“A better understanding of Gen Z behaviors and of this target group can always be useful. We have brands that we have a great [array] of brands, and at the same time we are looking to keep them relevant,” Laubies said. Coty owns brands like Cover Girl and Rimmel and has the fragrance licenses for luxury brands like Gucci and Calvin Klein.
Coty plans to leverage Kylie’s direct-to-consumer success into more markets, Laubies added, and will take the brand further into retail. “This is a luxury business so we are not going to put it everywhere,” he noted.
Kylie’s explosive launch in 2015 started with lip kits. In its first 18 months of business, the brand did $420 million in retail sales, all through its own website. But since then, direct sales are said to have slowed, and the brand partnered with Ulta Beauty. There, it has been doing well, Ulta executives have said on several earnings calls, and it has been expanded both in terms of product range and door count.
Kylie has expanded category-wise too, both in terms of its makeup range and with the launch of Kylie Skin, which debuted earlier this year. She’s also filed trademarks for hair and baby products.
Going forward, Laubies said “priority categories” will be the ones where Coty can contribute — meaning fragrance, color cosmetics and skin care. “That’s what we want to focus on and we think this is where the action happens. This is the place where we can combine our capabilities,” he said.
Culture wise, Laubies described Coty and Kylie as a good fit.
“She is quite a hands-on person, and we are hands-on people. We are investors, she is an investor. We are action-oriented, and she’s action oriented. So, I think the cultural fit, it is there, and that’s probably the reason she decided to elect to work with us,” Laubies said.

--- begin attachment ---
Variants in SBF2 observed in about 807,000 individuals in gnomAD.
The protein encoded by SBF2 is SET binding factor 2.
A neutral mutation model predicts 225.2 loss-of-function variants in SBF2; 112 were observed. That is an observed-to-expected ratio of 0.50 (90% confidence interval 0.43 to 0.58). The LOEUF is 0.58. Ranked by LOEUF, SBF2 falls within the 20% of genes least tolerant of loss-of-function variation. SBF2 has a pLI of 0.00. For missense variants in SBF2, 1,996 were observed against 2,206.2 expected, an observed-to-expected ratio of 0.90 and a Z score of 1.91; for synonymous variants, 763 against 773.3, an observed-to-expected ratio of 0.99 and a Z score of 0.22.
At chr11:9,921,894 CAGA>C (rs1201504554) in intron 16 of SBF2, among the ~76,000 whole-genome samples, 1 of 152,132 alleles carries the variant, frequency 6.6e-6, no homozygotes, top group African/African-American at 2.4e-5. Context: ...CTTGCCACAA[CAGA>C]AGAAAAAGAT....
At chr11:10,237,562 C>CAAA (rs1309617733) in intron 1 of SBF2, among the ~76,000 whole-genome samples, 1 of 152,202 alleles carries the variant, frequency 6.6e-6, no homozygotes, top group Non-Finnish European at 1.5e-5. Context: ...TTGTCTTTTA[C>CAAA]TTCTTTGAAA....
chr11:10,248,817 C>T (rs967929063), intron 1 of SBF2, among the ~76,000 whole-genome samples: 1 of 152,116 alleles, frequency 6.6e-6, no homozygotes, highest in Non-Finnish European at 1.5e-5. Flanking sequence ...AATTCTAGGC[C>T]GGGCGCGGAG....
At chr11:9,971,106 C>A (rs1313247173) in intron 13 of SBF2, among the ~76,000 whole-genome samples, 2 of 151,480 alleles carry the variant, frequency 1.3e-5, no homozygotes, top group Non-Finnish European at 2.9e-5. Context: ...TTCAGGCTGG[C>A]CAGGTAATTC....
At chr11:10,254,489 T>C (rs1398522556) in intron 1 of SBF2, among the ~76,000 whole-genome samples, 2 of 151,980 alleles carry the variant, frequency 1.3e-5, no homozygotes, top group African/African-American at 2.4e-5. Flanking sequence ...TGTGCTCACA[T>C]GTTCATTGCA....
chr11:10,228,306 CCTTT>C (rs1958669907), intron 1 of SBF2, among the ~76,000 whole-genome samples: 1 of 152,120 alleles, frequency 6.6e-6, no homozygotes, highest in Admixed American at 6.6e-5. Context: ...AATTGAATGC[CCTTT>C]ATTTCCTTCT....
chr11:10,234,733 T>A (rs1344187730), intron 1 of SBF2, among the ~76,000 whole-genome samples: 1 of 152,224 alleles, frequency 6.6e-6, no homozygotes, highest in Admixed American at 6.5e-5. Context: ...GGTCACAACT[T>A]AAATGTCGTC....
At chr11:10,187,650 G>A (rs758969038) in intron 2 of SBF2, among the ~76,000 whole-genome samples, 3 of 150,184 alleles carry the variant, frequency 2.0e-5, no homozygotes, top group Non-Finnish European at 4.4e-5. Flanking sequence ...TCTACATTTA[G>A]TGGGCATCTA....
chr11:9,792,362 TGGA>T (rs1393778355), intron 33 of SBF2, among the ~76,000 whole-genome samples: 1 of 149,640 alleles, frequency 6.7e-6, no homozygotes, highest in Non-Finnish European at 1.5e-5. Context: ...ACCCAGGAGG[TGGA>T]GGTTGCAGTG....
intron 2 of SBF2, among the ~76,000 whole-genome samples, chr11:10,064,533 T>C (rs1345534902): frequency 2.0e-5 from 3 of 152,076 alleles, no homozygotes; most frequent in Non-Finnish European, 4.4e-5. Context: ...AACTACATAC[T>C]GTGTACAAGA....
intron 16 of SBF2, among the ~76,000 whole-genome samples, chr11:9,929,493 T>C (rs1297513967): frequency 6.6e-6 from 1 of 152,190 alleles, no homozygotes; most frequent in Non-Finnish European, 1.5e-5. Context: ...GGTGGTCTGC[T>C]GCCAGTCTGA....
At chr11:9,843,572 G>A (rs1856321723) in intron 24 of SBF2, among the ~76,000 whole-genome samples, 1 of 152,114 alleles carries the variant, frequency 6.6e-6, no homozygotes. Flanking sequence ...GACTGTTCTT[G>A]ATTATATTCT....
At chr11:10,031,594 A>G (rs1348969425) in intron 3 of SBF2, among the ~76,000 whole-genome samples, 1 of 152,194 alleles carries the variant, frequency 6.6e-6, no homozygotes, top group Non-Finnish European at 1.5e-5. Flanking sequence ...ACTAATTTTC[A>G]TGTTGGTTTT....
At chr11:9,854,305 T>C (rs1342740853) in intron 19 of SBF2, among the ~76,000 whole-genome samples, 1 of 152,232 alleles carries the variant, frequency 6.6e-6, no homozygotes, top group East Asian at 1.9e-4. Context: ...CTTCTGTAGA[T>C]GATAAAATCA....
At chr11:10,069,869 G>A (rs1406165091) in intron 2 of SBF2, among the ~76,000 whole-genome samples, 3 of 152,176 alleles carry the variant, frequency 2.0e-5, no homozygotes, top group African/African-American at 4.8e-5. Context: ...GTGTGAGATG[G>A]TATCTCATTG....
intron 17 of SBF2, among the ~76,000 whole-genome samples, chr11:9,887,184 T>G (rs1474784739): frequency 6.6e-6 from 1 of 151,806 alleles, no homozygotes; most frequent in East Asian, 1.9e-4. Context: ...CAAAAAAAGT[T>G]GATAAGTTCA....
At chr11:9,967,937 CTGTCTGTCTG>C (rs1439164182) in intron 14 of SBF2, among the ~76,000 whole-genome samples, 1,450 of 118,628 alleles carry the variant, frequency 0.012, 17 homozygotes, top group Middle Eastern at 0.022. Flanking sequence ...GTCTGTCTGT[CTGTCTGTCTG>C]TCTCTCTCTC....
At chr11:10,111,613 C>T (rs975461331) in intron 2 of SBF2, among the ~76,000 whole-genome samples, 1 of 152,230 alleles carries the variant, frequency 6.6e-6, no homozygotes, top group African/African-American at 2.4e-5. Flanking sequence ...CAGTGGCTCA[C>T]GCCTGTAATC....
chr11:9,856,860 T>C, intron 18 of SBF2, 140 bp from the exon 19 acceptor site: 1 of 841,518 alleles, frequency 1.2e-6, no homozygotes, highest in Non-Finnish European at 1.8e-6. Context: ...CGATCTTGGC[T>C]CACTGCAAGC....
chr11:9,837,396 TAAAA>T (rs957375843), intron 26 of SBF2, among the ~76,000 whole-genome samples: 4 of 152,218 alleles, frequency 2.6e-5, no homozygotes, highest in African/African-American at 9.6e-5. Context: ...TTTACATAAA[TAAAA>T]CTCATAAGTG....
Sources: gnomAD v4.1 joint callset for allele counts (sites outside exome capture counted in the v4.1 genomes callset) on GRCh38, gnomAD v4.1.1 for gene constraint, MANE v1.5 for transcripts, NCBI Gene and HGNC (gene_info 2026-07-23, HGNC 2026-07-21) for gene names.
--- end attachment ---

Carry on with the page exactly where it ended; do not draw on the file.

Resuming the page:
For Coty, the deal comes as Laubies and the rest of the management team — who have now been in place for one year — continue to try to turn around the business. The company decided to sell off Younique, an investment made by the prior management team, and is evaluating the potential sale of its Professional and Brazilian businesses in order to focus more on fragrance, skin and makeup.
But numbers, particularly for the Consumer division, remain down. For the most recent quarter, Coty net sales dipped 4.4 percent. In the Consumer segment, specifically, which houses Cover Girl and Rimmel, sales dipped 13.5 percent.
Citi’s Nicholson expressed that Coty should be spending time fixing its core and paying down debt “which is among the highest leverage ratios in our coverage universe” at an about a six times debt-to-EBITDA ratio. She also voiced concern about the nature of celebrity businesses. “As with any celebrity beauty brand, and especially one where the celebrity is so young, we think the biggest risk to this acquisition by Coty is that Kylie loses interest in the beauty business, or that her social media presence and/or popularity fades,” Nicholson wrote in a note.
“They’re trying to buy growth,” said Stifel analyst Mark Astrachan. “You look at the portfolio in consumer and this is a logical move given the challenges they have to growth the business with the brands and mix they have.”
“The real test will become what can they make of it, and how can they find some synergies and help boost that brand and turn it into something that becomes a big growth driver for them,” said Coye Nokes, a partner in OC&C Strategy Consultants’ consumer practice.
For more from WWD.com, see:
Kylie Jenner Sells Majority Stake in Beauty Business to Coty